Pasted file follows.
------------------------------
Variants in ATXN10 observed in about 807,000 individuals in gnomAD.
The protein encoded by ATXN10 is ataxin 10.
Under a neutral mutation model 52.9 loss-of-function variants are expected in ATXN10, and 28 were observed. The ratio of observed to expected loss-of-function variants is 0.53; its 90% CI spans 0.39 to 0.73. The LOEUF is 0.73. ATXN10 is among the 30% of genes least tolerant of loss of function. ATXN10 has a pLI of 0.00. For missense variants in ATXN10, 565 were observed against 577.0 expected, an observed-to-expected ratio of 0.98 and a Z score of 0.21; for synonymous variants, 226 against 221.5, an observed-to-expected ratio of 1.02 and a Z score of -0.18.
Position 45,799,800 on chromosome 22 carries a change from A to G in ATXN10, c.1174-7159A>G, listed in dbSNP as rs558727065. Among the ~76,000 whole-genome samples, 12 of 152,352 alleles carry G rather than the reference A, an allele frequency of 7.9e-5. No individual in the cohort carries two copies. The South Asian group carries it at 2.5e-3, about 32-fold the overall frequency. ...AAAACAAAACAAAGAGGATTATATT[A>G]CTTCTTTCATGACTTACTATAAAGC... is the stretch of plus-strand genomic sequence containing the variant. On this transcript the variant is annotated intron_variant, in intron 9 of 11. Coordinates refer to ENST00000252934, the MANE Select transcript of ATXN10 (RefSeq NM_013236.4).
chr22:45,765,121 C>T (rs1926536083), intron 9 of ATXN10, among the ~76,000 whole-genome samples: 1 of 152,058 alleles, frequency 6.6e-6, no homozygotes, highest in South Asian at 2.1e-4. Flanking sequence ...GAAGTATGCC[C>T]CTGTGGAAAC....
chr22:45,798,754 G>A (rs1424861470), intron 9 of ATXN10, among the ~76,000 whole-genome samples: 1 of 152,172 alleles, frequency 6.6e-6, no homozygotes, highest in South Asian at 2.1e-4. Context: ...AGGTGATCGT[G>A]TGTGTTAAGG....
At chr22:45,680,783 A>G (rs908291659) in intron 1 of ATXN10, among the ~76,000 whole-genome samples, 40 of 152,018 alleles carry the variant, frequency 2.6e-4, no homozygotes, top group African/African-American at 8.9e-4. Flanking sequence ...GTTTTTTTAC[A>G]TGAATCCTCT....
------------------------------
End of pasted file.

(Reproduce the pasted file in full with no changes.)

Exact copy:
Variants in ATXN10 observed in about 807,000 individuals in gnomAD.
The protein encoded by ATXN10 is ataxin 10.
Under a neutral mutation model 52.9 loss-of-function variants are expected in ATXN10, and 28 were observed. The ratio of observed to expected loss-of-function variants is 0.53; its 90% CI spans 0.39 to 0.73. The LOEUF is 0.73. ATXN10 is among the 30% of genes least tolerant of loss of function. ATXN10 has a pLI of 0.00. For missense variants in ATXN10, 565 were observed against 577.0 expected, an observed-to-expected ratio of 0.98 and a Z score of 0.21; for synonymous variants, 226 against 221.5, an observed-to-expected ratio of 1.02 and a Z score of -0.18.
Position 45,799,800 on chromosome 22 carries a change from A to G in ATXN10, c.1174-7159A>G, listed in dbSNP as rs558727065. Among the ~76,000 whole-genome samples, 12 of 152,352 alleles carry G rather than the reference A, an allele frequency of 7.9e-5. No individual in the cohort carries two copies. The South Asian group carries it at 2.5e-3, about 32-fold the overall frequency. ...AAAACAAAACAAAGAGGATTATATT[A>G]CTTCTTTCATGACTTACTATAAAGC... is the stretch of plus-strand genomic sequence containing the variant. On this transcript the variant is annotated intron_variant, in intron 9 of 11. Coordinates refer to ENST00000252934, the MANE Select transcript of ATXN10 (RefSeq NM_013236.4).
chr22:45,765,121 C>T (rs1926536083), intron 9 of ATXN10, among the ~76,000 whole-genome samples: 1 of 152,058 alleles, frequency 6.6e-6, no homozygotes, highest in South Asian at 2.1e-4. Flanking sequence ...GAAGTATGCC[C>T]CTGTGGAAAC....
chr22:45,798,754 G>A (rs1424861470), intron 9 of ATXN10, among the ~76,000 whole-genome samples: 1 of 152,172 alleles, frequency 6.6e-6, no homozygotes, highest in South Asian at 2.1e-4. Context: ...AGGTGATCGT[G>A]TGTGTTAAGG....
At chr22:45,680,783 A>G (rs908291659) in intron 1 of ATXN10, among the ~76,000 whole-genome samples, 40 of 152,018 alleles carry the variant, frequency 2.6e-4, no homozygotes, top group African/African-American at 8.9e-4. Flanking sequence ...GTTTTTTTAC[A>G]TGAATCCTCT....